The patio at Aixois (251 E. 55th St.) is a perfect vantage point to watch life pass by. Think of the adjacent Trolley Track Trail as a mise-en-scène in which joggers, parents pushing strollers and dog-walkers promenade along the verdant path in a suburban stage production. A glass of Merlot or two will carry the illusion until food makes an entrance.
The cheese board ($14) is a tour de fromage suitable for nibbling on imported cheeses, fruit, nuts, a dab of jam and crackers. For another option, order le crepe au jambon de Paris ($13), which is a fancy way of saying ham and cheese crêpe. Colloquially speaking, it’s damn good (pardon my French) for a light meal eaten outdoors in hot weather.
Roquefort cheese, toasted walnuts and beets are a classic salad combination ($9) prepared atop baby spinach. Seared ruby trout ($18) with lemon juice, shallot and almonds is difficult to resist. Suit a sweet tooth with profiteroles ($6), airy cream puffs sliced in half, loaded with vanilla ice cream, almonds and drizzled with decadent chocolate sauce.
Service by Dennis Collins, the manager of Aixois’ new second location in the downtown Commerce Bank building (1000 Walnut St.), and the other charming staff make patio dining and lounging an alluring way of life.
Cafe Trio’s (4558 Main St.) deck is one of the Country Club Plaza area’s most sought-after outdoor watering holes and dining spots year-round. Because availability is first-come, first-seated on the patio, many guests request outdoor seating on their reservations. The elevated deck overlooks Mill Creek Park and the famous J.C. Nichols Fountain. Covered and heated in the winter, the deck’s canopy is removed in late spring as temperatures climb, to allow air to circulate with the assistance of ceiling fans.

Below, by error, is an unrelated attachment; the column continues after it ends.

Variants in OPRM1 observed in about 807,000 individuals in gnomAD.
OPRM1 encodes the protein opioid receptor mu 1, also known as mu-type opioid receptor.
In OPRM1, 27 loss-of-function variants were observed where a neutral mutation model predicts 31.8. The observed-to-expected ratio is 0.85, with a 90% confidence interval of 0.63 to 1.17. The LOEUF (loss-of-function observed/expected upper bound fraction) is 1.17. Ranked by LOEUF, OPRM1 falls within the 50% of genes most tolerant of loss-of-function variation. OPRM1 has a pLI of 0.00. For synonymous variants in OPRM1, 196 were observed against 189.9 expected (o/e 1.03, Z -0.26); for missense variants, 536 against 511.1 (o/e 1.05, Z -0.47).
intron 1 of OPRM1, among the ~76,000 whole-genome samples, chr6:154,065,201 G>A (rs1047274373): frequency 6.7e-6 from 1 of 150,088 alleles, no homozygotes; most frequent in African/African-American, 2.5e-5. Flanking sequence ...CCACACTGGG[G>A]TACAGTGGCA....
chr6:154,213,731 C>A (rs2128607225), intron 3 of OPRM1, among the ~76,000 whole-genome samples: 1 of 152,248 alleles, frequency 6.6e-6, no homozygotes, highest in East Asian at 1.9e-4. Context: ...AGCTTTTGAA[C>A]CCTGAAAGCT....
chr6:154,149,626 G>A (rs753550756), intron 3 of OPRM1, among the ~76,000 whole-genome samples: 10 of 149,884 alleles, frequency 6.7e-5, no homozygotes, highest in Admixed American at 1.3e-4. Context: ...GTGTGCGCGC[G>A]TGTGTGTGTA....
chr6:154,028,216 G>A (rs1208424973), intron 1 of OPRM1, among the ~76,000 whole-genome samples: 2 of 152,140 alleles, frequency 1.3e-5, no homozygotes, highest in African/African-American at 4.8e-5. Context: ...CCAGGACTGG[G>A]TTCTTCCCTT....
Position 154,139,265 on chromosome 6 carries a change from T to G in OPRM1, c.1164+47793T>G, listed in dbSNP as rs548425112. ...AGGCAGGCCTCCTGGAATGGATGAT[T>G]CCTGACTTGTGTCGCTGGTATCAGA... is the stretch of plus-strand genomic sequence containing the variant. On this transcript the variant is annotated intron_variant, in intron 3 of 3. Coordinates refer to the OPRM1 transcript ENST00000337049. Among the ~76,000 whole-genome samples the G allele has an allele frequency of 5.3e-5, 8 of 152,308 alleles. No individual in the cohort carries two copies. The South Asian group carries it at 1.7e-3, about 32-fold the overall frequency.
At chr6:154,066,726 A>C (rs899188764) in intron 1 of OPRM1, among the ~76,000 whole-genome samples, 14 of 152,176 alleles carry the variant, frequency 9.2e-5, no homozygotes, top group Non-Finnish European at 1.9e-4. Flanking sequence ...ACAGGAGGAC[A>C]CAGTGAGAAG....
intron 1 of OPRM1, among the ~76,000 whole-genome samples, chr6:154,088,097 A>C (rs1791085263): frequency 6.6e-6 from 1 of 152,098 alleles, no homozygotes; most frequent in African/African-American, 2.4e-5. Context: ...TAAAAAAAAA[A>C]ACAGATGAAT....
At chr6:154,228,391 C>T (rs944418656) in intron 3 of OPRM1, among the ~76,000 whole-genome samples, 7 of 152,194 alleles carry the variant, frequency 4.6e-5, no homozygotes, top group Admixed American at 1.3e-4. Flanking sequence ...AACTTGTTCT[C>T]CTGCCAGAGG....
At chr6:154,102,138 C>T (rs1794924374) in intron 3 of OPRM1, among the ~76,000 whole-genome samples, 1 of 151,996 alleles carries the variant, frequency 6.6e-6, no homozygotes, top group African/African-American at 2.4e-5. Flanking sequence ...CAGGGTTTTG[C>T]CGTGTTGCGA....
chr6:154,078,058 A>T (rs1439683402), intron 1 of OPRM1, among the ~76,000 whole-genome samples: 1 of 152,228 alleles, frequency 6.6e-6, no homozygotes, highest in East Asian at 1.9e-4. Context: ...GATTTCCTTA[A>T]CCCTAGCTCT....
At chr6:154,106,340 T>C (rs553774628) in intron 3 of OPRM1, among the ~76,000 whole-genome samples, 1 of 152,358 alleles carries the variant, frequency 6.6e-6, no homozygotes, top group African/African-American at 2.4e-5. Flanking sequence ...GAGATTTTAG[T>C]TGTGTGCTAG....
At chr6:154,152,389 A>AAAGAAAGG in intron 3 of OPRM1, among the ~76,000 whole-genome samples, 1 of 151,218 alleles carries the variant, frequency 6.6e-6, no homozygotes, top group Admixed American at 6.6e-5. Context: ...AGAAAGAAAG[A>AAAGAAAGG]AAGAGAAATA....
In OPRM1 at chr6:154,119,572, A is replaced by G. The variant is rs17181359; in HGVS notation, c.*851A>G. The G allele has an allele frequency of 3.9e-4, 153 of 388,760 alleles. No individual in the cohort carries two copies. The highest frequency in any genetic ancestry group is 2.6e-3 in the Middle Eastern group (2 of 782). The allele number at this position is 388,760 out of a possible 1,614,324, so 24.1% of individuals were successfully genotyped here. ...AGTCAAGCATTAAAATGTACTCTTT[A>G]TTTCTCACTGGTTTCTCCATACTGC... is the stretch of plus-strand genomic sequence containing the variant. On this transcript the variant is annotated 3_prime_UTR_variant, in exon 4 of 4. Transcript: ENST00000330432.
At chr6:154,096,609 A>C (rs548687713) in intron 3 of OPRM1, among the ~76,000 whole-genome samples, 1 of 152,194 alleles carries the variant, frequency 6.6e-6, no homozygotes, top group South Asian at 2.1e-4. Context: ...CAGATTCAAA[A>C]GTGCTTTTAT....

To cool off further, order a glass or pitcher of Sangria or Trio lemonade, a specialty martini or cold beer from the custom-built bar. Trio’s menu offers plenty of outdoor dining fare prepared by Chef Leon Bahlmann. Seafood ceviche ($12) is a colorful mix of citrus-marinated scallops, shrimp and tilapia with Napa cabbage, cilantro, fresh pineapple and mango.
Lamb lollipops ($13) are a fanciful moniker for a dish made of applewood-smoked Colorado lamb rib chops served with apricot, date, grape tomatoes, couscous, feta cheese and lemon vinaigrette. The smokiness of these chops is subtle and mouthwatering. An alternate small plate selection is the blue cheese bistro ($15), with grilled filet tips with melted gorgonzola cheese, veal demi glace and skewered vegetables.
Chef Bahlmann’s menu ranges from cracker crust pizzas ($11) to wild mushroom ravioli ($19) to grilled salmon Nicoise salad ($14). His culinary repertoire offers something for everyone and can accommodate gluten and vegetarian dietary needs as well.
Many other Kansas City restaurants, such as Julian, Nara, McCoy’s Public House, NoRTH and Trezo Mare, offer outdoor dining with pleasing views. Our diverse culinary scene offers myriad options for fine dining and imbibing; the only decision left is where to claim a (temporary) parcel of paradise in the Paris of the Plains.